With four therapeutic viral vector-based products in development, Transgene (www.transgene.fr) is pursuing the cancer and infectious disease markets. Its vaccine strategy involves introducing immunostimulatory molecules and viral or tumor-associated antigens.
Transgene’s lead product, TG4010, targets non-small-cell-lung cancer in combination with chemotherapy and is in a Phase IIb study in Europe in patients with advanced-stage disease. The vaccine is comprised of an MVA-based vector and the MUC1 tumor-associated antigen.
“MVA is a very safe vector—nonreplicative and nonintegrative,” says Jean-Yves Bonnefoy, Ph.D., vp of R&D. “This virus allows you to bring into it quite a significant chunk of foreign DNA. Additionally, based on data we are accumulating in man, immunity to MVA does not seem to be a handicap—and that is a major plus.”
Transgene’s TG4001 vaccine is indicated for the treatment of HPV-induced precancerous cervical lesions. The MVA vector expresses the E6 and E7 antigens of HPV16 together with IL-2. Phase II results were reported in April: 18 women with high-grade cervical intraepithelial neoplasia (CIN 2/3) related to HPV16 infection received three injections of the vaccine. Of the 18 women, 10 had normal colposcopic evaluations of the cervix at six months, nine had no evidence of CIN 2/3, and nine had no HPV16 mRNA. “This is the first time it has been shown that a therapeutic vaccine has worked on a chronic infection,” says Philippe Poncet, CFO. Larger studies are planed to confirm these results.
TG1042, an adenovirus-vectored vaccine expressing interferon-g, has completed a Phase I/II trial in patients with cutaneous B-cell or T-cell lymphoma who have failed radiotherapy. The goal is to induce a nonspecific local immune response.
Over the past year, Dr. Bonnefoy has also observed growing recognition of the potential value of combining new classes of therapeutic vaccines with existing cancer treatment strategies to take advantage of their complementary and sometimes synergistic effects. The addition of immunotherapy may allow for the use of lower doses of chemotherapeutic agents with improved outcomes.
Avant Immunotherapeutics (www.avantimmune.com) collaborated with GSK on the development of Rotarix and is producing several oral, single-dose vaccines against bacterial targets aimed at preventing diarrhea and enteric diseases. Although the company’s bacterial vector platform is based on live attenuated cholera or typhoid fever vaccines, it believes that it can use this technology to vector viral antigens to protect against viral disease, according to Una S. Ryan, Ph.D., president and CEO of Avant.
Following promising Phase II results of its CholeraGarde® cholera vaccine this summer, Avant reported that the International Vaccine Institute had received a $21-million grant from the Bill & Melinda Gates Foundation for a Cholera Vaccine Initiative that will include further trials of CholeraGarde, including immunization concurrent with measles vaccination and use in HIV-positive patients. Phase III trials planned for Bangladesh are designed to compare vaccinated villages (vaccination of adults, children, and infants) with unvaccinated villages for disease incidence.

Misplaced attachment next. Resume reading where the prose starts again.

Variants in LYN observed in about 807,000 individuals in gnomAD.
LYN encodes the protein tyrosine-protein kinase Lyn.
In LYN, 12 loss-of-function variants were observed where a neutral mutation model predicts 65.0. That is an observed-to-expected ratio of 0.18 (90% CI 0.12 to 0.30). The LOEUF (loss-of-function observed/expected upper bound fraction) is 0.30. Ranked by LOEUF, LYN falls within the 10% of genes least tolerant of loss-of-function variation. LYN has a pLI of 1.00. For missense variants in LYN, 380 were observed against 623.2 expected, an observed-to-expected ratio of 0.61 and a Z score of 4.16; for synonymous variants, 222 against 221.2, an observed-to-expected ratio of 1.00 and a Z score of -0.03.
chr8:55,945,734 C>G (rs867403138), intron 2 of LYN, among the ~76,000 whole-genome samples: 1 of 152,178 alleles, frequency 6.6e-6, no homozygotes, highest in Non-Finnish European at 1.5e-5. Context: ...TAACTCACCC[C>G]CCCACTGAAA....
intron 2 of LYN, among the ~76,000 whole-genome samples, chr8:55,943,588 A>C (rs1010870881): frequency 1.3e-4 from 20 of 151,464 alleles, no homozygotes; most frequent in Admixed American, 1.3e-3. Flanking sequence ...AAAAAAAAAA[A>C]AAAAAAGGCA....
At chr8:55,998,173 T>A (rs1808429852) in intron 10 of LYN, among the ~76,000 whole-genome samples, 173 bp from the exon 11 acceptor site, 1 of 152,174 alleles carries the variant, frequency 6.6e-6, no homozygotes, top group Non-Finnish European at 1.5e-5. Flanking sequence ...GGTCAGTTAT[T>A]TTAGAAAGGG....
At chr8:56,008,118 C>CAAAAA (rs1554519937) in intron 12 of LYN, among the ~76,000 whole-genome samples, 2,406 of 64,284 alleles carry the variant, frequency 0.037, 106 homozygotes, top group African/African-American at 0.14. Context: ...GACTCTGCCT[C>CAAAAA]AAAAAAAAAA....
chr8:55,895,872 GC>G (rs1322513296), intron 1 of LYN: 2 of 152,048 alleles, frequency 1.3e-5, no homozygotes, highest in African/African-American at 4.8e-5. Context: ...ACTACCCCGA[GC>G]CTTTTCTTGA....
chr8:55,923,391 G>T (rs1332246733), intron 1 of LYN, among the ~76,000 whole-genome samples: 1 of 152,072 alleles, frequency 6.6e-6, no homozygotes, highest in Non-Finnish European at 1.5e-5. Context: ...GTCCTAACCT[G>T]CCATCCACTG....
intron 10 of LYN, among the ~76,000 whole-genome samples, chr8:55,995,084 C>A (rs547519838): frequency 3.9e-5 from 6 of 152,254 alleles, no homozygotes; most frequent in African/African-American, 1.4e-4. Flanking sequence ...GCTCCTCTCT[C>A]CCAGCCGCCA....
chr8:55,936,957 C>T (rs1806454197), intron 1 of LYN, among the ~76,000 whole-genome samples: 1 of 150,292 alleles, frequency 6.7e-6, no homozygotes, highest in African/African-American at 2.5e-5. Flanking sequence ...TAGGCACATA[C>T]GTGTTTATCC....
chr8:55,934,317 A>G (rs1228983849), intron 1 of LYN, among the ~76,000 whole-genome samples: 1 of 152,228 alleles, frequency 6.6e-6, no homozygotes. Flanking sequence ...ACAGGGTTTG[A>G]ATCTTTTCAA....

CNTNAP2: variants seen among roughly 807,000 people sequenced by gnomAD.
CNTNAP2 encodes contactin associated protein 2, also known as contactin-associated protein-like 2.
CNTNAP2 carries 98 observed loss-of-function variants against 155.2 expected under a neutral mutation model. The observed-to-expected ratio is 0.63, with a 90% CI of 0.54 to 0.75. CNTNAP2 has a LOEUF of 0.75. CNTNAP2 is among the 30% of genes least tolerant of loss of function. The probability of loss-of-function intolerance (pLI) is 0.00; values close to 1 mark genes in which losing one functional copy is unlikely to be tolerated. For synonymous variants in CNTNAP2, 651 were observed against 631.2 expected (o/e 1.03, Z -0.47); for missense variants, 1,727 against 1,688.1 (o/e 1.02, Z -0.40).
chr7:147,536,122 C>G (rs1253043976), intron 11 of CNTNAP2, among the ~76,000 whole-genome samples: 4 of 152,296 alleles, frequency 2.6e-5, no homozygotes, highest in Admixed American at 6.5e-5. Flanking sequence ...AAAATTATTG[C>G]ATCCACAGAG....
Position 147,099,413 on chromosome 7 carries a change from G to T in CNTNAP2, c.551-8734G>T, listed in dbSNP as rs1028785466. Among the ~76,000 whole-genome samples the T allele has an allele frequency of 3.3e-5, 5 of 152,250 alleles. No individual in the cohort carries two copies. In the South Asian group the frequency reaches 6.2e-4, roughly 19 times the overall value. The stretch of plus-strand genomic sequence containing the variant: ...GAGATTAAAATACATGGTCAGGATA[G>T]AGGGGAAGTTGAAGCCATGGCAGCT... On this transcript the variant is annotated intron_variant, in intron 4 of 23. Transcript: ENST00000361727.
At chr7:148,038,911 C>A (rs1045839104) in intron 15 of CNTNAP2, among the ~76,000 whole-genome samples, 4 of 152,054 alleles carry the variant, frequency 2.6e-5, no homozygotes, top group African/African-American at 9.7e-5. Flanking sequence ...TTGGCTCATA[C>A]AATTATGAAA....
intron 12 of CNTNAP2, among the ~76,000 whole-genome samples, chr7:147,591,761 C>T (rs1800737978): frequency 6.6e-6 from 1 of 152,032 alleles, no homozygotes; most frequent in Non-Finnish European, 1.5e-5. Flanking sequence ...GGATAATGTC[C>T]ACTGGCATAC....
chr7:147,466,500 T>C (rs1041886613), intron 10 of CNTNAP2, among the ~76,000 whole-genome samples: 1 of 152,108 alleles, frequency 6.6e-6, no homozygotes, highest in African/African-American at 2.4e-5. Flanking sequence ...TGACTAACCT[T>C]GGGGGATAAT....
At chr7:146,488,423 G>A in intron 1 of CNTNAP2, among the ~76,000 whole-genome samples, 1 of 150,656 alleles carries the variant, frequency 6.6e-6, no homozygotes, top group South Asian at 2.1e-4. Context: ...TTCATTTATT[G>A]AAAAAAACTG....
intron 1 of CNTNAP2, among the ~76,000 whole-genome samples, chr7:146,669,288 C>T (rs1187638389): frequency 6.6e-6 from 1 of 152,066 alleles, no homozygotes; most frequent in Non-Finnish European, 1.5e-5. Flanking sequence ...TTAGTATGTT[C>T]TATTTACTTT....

Avant’s typhoid fever vaccine is in Phase I/II testing, with a Phase II study anticipated to get under way in the first half of 2007. Its cholesterol ester transfer protein (CETP) vaccine aims to raise levels of HDL and has completed Phase II testing. The company has reformulated the CETP vaccine with a new adjuvant, a TLR ligand, and is now testing this new vaccine formulation.
The company plans to apply its bacterial vaccine platform as vectors for delivering various disease antigens, such as enterotoxigenic E. coli or plague. According to Dr. Ryan, one of the company’s ultimate goals is to combine several of its vaccines to create a super-protectant against the many potential causes of traveler’s diarrhea. Another planned application of the technology is to develop a preventive vaccine for pandemic flu.
Lentigen (www.lentigen.com) is leveraging its LentiMax™ lentiviral vector system in a recently announced partnership with Dharmacon (www.dharmacon.com) to develop and manufacture lentiviral expression reagents for gene-silencing applications. The lentiviral reagents will deliver shRNA expression vectors into cells for RNAi-mediated gene silencing.
On the therapeutic front, Lentigen continues to develop its lentiviral vector system as a manufacturing platform for vaccine, Mab, and therapeutic protein production. Its lead target is pandemic and seasonal influenza. Within five weeks the company can produce virus-like particle-based vaccines containing three to four viral proteins, including a hemagglutinin neuraminidase targeting the desired virus strain, according to Boro Dropulic, Ph.D., founder and CEO of Lentigen.
Other advantages of the lentiviral platform include the ability to produce virus-like particles (VLPs) in standard manufacturing cell lines and long harvest times, because VLPs do not kill the cells. Ongoing collaborations in the area of gene therapy focus mainly on cancer with additional projects in regenerative medicine and infectious diseases.